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Ad hoc con ... Lexical co ... Example: W ... What do we ... Implementa ... Waiting fo ... Full imple ... Conclusion
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Goroutine confinment

In this blog post, we will examine ad hoc and lexical confinement of data used by goroutines and study it with a producer/consumer pattern.

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Goroutine confinment

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I learned of these terms from a great book Concurrency in Go. Be sure to check it out.

Ad hoc confinement

Ad hoc confinement is basically our first try at handling some data with goroutines. We just want to “do something” and we are not thinking about data accessibility or weather a piece of code should access a channel or not. You can find a basic example below:

This is a fine first try but there are some problems:

 

  1. data variable is accessible within loopData anonymous function and any other function within that scope but we are only accessing it within loopData.
  2. anyone can access receiver channel and consume data from it.

Lexical confinement

What we actually have here is a producer and a consumer but both of them can leak data to other parts of the program. Also, it is not clear immediately from reading code that something is a producer and something is a consumer. What we need to do is wrap the two goroutines into regular functions and hide the implementation from the client code.

From the code above, it is very clear what different parts of this program are doing. Also, producer is returning read channel only, therefor, any part of the program that is using that channel can only read from it. This is lexical confinement since it forces us to use the interface our functions define.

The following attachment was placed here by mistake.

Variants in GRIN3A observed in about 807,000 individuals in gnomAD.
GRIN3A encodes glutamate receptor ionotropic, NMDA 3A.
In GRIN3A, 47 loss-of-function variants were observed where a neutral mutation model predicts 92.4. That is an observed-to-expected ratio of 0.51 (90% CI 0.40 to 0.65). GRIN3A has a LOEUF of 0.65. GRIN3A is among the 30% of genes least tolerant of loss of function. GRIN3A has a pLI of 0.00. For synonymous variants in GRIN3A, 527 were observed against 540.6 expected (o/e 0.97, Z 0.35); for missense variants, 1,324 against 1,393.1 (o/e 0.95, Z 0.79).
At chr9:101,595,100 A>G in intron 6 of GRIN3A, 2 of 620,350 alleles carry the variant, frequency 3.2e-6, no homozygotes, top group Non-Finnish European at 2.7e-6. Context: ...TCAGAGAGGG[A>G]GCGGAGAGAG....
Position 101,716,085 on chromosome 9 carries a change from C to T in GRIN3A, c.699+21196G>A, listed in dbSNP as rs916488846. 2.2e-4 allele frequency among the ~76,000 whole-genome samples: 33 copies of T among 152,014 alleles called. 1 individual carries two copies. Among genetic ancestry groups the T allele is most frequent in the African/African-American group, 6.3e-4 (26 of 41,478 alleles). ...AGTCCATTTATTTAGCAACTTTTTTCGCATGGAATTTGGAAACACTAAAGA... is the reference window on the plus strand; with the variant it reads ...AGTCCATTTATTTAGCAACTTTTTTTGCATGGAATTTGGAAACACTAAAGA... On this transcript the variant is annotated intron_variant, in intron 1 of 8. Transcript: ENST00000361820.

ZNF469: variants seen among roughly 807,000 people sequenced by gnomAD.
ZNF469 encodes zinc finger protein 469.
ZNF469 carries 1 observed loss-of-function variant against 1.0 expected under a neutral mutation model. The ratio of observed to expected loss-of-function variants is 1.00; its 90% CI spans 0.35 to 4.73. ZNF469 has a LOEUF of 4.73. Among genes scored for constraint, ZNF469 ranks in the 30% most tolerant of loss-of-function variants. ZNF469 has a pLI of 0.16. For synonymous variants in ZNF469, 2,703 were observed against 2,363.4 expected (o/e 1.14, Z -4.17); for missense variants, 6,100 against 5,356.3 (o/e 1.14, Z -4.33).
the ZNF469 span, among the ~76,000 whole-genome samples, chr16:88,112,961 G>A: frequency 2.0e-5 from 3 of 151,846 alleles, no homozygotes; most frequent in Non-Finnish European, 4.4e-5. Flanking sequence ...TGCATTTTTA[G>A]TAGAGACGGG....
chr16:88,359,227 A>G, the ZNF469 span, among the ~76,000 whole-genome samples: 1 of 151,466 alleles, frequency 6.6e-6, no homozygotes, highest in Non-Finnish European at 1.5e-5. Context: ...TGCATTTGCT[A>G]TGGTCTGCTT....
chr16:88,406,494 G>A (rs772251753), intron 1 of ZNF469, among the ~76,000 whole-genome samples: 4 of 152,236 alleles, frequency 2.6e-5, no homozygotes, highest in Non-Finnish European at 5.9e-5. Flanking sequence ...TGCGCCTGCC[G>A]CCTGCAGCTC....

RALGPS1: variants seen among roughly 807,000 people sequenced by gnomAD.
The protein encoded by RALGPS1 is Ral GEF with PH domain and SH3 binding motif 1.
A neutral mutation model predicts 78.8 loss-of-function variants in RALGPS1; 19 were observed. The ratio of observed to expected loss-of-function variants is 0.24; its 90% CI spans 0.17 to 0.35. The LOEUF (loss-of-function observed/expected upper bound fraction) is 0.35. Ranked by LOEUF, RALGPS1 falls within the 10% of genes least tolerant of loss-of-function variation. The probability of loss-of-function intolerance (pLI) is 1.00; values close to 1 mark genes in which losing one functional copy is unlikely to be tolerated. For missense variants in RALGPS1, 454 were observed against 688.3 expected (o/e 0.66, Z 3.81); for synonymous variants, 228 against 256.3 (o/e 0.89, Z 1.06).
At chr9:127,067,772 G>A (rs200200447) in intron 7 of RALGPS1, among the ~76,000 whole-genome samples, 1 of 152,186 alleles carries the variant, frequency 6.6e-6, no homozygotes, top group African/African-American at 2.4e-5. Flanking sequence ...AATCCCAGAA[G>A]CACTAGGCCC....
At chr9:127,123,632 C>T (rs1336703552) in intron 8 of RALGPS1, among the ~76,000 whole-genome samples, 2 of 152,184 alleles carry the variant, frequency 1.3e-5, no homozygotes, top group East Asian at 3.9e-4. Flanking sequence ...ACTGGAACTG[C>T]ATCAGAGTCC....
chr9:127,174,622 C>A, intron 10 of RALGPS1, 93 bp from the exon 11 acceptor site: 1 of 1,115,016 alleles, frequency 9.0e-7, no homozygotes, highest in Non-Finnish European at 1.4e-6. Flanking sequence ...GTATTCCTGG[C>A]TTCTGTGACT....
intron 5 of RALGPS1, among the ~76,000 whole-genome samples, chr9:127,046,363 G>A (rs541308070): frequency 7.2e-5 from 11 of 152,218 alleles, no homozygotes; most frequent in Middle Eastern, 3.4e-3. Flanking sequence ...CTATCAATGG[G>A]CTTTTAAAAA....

Example: Worker pool

A worker pool is probably one of the first design patterns that you create when working with Go. It is a very useful design pattern with which you can process a lot of data at the same time depending on how many workers you create. In our example, we will close the worker pool in a lexical confinement and ensure that our data is safe from corruption by other parts of the program. 

Before we start diving into the code, it's important to say that the implementation could be done with generics but, for the sake of simplicity and readability, I made it to be with integers only. 

What do we want to do?

We want to define a function (producer) that will enable us to send the data to our consumers. Consumers will then process the data and/or send the processed data to our wait function that will then decide what to do with the processed data. Wait function can be empty since it waits for all the producers to finish. It is also important to stop producing data and stop all workers while still enabling them to finish already started work. Stopping the workers is the responsibility of the producer.  

Let's first start with the type that we will be working with.

Let's examine our Worker struct. workerNum represents the number of workers that we will create to consume our data. We will use our producerStream to send data to our workers that will then pass that data to our consumers. So let's first start with our producer.